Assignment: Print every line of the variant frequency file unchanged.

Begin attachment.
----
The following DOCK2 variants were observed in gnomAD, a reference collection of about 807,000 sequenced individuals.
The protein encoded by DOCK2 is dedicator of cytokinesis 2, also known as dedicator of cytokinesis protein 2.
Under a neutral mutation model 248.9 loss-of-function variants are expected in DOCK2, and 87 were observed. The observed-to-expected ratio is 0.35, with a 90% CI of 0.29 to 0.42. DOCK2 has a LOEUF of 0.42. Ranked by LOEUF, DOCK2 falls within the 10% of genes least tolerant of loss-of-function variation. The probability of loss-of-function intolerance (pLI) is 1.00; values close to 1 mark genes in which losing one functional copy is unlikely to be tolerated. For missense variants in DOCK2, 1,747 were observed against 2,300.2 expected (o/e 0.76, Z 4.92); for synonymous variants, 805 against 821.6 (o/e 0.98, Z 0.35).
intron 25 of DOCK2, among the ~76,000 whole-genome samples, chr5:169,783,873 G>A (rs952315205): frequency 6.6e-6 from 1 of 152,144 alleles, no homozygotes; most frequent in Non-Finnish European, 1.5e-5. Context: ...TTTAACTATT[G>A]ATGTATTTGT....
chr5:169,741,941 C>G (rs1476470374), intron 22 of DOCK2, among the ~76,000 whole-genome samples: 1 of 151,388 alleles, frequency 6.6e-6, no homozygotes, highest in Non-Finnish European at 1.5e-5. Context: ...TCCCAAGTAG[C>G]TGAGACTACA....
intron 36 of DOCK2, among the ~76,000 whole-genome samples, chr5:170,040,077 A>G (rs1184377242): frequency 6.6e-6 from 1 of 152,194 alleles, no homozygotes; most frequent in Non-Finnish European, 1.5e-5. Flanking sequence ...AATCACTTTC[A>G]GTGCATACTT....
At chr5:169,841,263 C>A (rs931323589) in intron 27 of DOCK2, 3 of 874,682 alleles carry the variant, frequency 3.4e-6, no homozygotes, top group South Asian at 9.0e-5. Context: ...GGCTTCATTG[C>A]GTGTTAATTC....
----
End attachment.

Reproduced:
The following DOCK2 variants were observed in gnomAD, a reference collection of about 807,000 sequenced individuals.
The protein encoded by DOCK2 is dedicator of cytokinesis 2, also known as dedicator of cytokinesis protein 2.
Under a neutral mutation model 248.9 loss-of-function variants are expected in DOCK2, and 87 were observed. The observed-to-expected ratio is 0.35, with a 90% CI of 0.29 to 0.42. DOCK2 has a LOEUF of 0.42. Ranked by LOEUF, DOCK2 falls within the 10% of genes least tolerant of loss-of-function variation. The probability of loss-of-function intolerance (pLI) is 1.00; values close to 1 mark genes in which losing one functional copy is unlikely to be tolerated. For missense variants in DOCK2, 1,747 were observed against 2,300.2 expected (o/e 0.76, Z 4.92); for synonymous variants, 805 against 821.6 (o/e 0.98, Z 0.35).
intron 25 of DOCK2, among the ~76,000 whole-genome samples, chr5:169,783,873 G>A (rs952315205): frequency 6.6e-6 from 1 of 152,144 alleles, no homozygotes; most frequent in Non-Finnish European, 1.5e-5. Context: ...TTTAACTATT[G>A]ATGTATTTGT....
chr5:169,741,941 C>G (rs1476470374), intron 22 of DOCK2, among the ~76,000 whole-genome samples: 1 of 151,388 alleles, frequency 6.6e-6, no homozygotes, highest in Non-Finnish European at 1.5e-5. Context: ...TCCCAAGTAG[C>G]TGAGACTACA....
intron 36 of DOCK2, among the ~76,000 whole-genome samples, chr5:170,040,077 A>G (rs1184377242): frequency 6.6e-6 from 1 of 152,194 alleles, no homozygotes; most frequent in Non-Finnish European, 1.5e-5. Flanking sequence ...AATCACTTTC[A>G]GTGCATACTT....
At chr5:169,841,263 C>A (rs931323589) in intron 27 of DOCK2, 3 of 874,682 alleles carry the variant, frequency 3.4e-6, no homozygotes, top group South Asian at 9.0e-5. Context: ...GGCTTCATTG[C>A]GTGTTAATTC....